Innovative ideas emerging in other industries began to have an impact on our well evaluation operations. The development of electronics in the 1930s led to a number of new developments in logging operations. The miniaturization of rugged circuit boards and components led to new tools that suffered less damage, which in turn reduced lost time during rig operations. The introduction of computers permitted the capture and interpretation of data. Transmission of data from wellsite to office has been enhanced by innovation in the telecommunications world, and remote logging operations have been enhanced by the use of satellite and other forms of telecommunication. Modern technology now permits multilocation access to live data from rig sites, thus permitting real-time management of situations that leads to speedy interpretation. When I worked on a wellsite in the late 1960s, logs were developed on site and physically moved by road, boat, or helicopter to the office-based engineers for evaluation; subsequently, further instruction was transmitted back to the wellsite by unreliable high-frequency radio. I can still recall the smell of ammonia used for printing those logs. I recently mentioned this to a few young engineers and the blank look on their face made me feel as if I was from the Stone Age, but that is what innovation has done in our industry.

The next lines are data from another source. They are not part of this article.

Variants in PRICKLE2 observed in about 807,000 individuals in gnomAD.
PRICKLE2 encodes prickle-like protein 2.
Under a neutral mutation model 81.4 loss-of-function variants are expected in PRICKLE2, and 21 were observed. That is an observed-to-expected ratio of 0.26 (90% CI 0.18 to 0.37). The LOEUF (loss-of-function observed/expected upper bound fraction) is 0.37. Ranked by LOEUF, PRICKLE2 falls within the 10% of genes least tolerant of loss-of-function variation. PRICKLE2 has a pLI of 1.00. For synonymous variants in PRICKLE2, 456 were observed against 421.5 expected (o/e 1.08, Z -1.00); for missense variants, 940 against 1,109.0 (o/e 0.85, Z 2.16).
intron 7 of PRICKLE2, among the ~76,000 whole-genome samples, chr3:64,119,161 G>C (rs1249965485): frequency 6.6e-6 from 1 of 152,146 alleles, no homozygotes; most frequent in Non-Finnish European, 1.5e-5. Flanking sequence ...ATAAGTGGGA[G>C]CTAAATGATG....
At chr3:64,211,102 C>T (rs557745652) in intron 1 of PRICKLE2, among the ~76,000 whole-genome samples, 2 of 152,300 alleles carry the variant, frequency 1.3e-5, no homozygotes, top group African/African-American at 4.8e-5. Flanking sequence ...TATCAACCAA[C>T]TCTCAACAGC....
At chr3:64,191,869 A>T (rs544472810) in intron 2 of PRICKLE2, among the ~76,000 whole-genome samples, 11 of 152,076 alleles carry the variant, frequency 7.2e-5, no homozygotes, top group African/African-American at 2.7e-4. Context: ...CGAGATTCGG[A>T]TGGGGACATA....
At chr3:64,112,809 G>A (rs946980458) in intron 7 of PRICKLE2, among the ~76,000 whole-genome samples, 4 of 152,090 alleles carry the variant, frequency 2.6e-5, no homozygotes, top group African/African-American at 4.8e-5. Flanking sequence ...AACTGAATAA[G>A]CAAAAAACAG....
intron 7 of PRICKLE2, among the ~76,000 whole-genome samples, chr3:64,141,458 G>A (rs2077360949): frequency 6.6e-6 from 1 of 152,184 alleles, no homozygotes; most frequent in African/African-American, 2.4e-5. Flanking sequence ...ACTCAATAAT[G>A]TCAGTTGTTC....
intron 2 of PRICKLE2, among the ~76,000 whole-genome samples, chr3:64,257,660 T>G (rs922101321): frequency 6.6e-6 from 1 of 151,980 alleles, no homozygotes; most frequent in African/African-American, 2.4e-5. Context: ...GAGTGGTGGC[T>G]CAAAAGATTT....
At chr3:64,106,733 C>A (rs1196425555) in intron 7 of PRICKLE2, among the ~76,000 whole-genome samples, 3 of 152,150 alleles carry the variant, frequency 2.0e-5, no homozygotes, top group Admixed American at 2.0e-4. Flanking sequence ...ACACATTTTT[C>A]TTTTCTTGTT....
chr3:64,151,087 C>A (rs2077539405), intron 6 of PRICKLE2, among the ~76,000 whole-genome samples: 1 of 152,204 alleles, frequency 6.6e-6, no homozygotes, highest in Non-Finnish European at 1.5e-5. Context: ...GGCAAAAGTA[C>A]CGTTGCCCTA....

The introduction of measurement-while-drilling and logging-while-drilling has enabled the evaluation of formations still ”fresh” and minimally contaminated by drilling fluids. These tools have also enabled the logging of horizontal wells and have been proven to improve the productivity of oil and gas wells.